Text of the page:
Former IOC chief dies at 89
Juan Antonio Samaranch (File)
Barcelona - Former International Olympic Committee president Juan Antonio Samaranch died on Wednesday at the age of 89 at a Barcelona hospital from a cardiorespiratory arrest, the hospital said.
Samaranch, who was head of the Olympic movement from 1980-2001, passed away at 13:25 SA time at the Quiron Hospital where he was admitted on Sunday after experiencing heart trouble, it said in a statement.
An honorary president for life of the IOC, he helped to revolutionise sponsorship and broadcasting deals for major events, seeking global sponsors instead of national federations making their own local arrangements.
Only Pierre de Coubertin, the "father" of the modern Olympics and IOC chief from 1896 to 1925, has held the post longer.
IOC president Jacques Rogge paid handsome tribute to Samaranch.
"I cannot find the words to express the distress of the Olympic Family," he said in a statement.
"I am personally deeply saddened by the death of the man who built up the Olympic Games of the modern era, a man who inspired me, and whose knowledge of sport was truly exceptional.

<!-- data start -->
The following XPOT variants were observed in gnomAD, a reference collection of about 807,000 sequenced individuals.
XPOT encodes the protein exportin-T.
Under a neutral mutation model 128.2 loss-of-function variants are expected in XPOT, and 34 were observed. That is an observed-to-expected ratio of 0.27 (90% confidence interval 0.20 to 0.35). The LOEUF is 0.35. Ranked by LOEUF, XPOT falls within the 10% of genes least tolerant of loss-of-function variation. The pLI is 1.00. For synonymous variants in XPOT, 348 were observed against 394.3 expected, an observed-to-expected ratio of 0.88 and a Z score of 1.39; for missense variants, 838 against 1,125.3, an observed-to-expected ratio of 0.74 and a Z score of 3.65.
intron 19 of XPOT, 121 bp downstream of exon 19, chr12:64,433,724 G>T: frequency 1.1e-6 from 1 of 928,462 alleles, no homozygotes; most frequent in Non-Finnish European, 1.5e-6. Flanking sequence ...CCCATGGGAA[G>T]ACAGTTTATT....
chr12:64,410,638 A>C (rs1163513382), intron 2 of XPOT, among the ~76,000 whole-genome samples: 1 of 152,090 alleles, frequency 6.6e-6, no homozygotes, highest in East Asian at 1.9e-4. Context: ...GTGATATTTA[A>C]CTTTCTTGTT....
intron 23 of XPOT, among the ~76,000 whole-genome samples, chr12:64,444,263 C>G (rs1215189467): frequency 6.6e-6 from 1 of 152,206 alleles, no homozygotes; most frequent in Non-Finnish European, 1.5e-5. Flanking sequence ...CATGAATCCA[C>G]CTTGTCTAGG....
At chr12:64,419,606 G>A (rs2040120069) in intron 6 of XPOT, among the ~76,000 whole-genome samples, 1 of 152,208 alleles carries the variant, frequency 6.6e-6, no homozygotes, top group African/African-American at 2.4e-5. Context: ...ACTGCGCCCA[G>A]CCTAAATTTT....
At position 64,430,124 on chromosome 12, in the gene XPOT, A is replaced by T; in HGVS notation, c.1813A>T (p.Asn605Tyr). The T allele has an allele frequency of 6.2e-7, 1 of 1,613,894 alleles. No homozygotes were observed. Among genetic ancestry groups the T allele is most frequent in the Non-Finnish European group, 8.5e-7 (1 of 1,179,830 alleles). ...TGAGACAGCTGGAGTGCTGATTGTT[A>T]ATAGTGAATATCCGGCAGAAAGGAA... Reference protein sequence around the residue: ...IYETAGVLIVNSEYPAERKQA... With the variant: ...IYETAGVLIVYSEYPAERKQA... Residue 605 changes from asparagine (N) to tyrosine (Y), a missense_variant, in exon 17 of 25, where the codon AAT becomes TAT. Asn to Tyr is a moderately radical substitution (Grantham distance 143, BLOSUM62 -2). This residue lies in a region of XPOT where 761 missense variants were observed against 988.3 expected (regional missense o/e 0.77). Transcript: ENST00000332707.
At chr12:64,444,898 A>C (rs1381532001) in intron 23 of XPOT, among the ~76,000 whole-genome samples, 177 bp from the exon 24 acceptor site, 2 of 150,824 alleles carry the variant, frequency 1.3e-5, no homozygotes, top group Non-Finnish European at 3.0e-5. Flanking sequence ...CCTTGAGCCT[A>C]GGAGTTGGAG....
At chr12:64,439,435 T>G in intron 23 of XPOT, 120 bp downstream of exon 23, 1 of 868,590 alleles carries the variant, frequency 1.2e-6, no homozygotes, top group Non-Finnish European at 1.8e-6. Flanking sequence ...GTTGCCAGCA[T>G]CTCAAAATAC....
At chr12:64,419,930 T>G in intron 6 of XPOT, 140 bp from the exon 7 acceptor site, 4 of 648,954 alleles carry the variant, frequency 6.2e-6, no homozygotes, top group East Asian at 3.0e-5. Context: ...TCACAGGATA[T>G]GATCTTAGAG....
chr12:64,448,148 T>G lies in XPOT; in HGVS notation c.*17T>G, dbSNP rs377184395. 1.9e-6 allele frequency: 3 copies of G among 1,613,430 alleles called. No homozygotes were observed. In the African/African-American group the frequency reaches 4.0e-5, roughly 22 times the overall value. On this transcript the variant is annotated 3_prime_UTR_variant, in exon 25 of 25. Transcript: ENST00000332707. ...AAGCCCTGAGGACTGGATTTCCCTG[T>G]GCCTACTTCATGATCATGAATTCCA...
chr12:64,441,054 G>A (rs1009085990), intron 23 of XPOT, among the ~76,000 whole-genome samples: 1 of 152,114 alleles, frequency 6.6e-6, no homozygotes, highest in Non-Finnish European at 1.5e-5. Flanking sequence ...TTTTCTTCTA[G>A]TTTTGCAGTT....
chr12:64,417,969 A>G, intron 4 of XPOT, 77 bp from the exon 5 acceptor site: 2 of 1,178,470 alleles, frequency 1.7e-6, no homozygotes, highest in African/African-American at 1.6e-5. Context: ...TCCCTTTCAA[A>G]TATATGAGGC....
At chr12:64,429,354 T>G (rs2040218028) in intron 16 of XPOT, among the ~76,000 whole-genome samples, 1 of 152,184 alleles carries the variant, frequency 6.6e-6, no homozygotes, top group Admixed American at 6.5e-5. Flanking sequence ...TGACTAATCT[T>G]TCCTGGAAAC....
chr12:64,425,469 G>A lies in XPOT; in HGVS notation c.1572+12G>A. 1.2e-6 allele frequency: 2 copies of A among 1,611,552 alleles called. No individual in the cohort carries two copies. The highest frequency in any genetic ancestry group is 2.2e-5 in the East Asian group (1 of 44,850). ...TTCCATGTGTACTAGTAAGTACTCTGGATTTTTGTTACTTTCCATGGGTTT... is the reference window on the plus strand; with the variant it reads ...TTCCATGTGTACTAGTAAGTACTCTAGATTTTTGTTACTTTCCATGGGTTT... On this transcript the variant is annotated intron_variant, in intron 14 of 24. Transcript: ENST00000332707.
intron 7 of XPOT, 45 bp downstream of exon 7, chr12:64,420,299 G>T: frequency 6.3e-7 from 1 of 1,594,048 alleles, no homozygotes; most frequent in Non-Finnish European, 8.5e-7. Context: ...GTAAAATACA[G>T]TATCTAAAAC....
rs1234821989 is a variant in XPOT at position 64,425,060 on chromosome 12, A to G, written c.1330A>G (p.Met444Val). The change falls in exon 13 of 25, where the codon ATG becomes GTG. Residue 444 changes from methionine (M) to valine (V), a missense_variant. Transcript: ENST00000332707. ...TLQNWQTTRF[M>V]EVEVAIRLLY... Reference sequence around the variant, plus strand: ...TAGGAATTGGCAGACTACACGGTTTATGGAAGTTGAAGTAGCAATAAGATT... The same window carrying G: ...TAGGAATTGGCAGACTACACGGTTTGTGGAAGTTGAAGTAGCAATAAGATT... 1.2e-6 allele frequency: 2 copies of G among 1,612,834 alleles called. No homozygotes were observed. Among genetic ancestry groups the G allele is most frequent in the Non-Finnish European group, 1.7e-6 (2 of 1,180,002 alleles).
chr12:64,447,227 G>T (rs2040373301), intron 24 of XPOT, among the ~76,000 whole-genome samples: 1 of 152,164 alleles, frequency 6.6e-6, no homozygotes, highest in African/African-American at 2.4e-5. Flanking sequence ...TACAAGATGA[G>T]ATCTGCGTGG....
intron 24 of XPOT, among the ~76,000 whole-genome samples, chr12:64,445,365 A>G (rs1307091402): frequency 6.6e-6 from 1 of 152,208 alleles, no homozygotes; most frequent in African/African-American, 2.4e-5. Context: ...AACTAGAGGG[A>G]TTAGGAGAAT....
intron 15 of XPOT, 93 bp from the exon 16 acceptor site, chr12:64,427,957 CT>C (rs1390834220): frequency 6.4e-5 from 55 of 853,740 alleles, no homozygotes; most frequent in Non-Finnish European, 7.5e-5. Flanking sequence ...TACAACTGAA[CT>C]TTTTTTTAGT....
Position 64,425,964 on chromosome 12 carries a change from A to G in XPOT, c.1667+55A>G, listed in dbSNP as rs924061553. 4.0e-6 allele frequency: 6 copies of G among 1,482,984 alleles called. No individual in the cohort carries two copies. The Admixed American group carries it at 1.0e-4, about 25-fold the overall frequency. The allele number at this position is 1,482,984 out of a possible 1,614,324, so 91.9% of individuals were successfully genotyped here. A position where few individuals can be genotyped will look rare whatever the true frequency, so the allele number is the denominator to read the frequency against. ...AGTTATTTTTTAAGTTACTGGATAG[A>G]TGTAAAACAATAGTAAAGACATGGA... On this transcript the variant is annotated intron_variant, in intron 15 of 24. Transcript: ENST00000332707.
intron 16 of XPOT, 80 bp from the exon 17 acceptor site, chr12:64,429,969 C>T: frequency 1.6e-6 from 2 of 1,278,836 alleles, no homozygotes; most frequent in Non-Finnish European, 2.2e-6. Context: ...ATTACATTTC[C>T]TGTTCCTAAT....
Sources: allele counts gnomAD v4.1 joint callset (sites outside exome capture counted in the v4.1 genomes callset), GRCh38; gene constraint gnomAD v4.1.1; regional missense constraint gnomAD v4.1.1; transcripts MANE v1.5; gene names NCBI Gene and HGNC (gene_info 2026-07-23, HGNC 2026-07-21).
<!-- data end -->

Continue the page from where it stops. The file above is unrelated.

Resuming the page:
"Thanks to his extraordinary vision and talent, Samaranch was the architect of a strong and unified Olympic Movement."
Samaranch, who remained active in Spanish sports administration after stepping down as the head of the IOC, was a key part of Madrid's failed bids to hold the Olympics in 2012, which London eventually won, and 2016, which went to Rio de Janeiro.
"I know that I am very near the end of my time. I am 89 years old," he said in October 2009 before asking the IOC members for the honour of hosting the 2016 Games in Spain during Madrid's bid presentation in Copenhagen.
Spain's secretary of state for sport, Jaime Lissavetzky, said "we have lost the reference of world sport".
Samaranch's remains will lie in wait at the headquarters of the regional government of Catalonia in Barcelona on Thursday, the Catalan regional government said.
He had been plagued by health problems in recent years and the hospital chief of internal medicine Rafael Esteban told a news conference late on Tuesday that "given his age, we can't be optimistic".
He was taken to hospital in Lausanne, Switzerland for "extreme fatigue" on July 17, 2001, his 81st birthday, shortly after he stepped down as IOC head and in Barcelona in 2007 for high blood pressure.
His most recent hospitalisation came in 2009 in Monaco after he fainted.
Born on July 17, 1920, into a rich Catalan family which made its fortune from the textile industry, he was awarded the title of marquis by Spanish king Juan Carlos in 1991 for his work in the Olympic movement.
Samaranch's wife Maria Teresa Salisachs-Rowe, another scion of a Catalan textiles dynasty, predeceased him on September 16, 2000.
He is survived by two children, Maria Teresa and Juan Antonio Jr, who in July 2001 was elected an IOC member.